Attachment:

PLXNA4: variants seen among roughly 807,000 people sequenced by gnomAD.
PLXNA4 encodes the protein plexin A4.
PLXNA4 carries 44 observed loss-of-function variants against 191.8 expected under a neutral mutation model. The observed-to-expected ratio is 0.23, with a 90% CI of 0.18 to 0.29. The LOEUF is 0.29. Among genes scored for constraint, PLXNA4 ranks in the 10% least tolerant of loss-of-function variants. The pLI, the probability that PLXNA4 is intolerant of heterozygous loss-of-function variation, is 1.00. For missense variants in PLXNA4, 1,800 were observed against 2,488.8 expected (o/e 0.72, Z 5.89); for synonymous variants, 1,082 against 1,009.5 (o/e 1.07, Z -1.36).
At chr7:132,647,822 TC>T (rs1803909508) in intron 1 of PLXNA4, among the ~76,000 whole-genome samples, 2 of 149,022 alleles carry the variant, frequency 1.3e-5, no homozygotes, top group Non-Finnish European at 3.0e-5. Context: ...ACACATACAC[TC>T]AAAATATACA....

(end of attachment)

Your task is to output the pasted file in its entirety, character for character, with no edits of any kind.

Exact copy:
PLXNA4: variants seen among roughly 807,000 people sequenced by gnomAD.
PLXNA4 encodes the protein plexin A4.
PLXNA4 carries 44 observed loss-of-function variants against 191.8 expected under a neutral mutation model. The observed-to-expected ratio is 0.23, with a 90% CI of 0.18 to 0.29. The LOEUF is 0.29. Among genes scored for constraint, PLXNA4 ranks in the 10% least tolerant of loss-of-function variants. The pLI, the probability that PLXNA4 is intolerant of heterozygous loss-of-function variation, is 1.00. For missense variants in PLXNA4, 1,800 were observed against 2,488.8 expected (o/e 0.72, Z 5.89); for synonymous variants, 1,082 against 1,009.5 (o/e 1.07, Z -1.36).
At chr7:132,647,822 TC>T (rs1803909508) in intron 1 of PLXNA4, among the ~76,000 whole-genome samples, 2 of 149,022 alleles carry the variant, frequency 1.3e-5, no homozygotes, top group Non-Finnish European at 3.0e-5. Context: ...ACACATACAC[TC>T]AAAATATACA....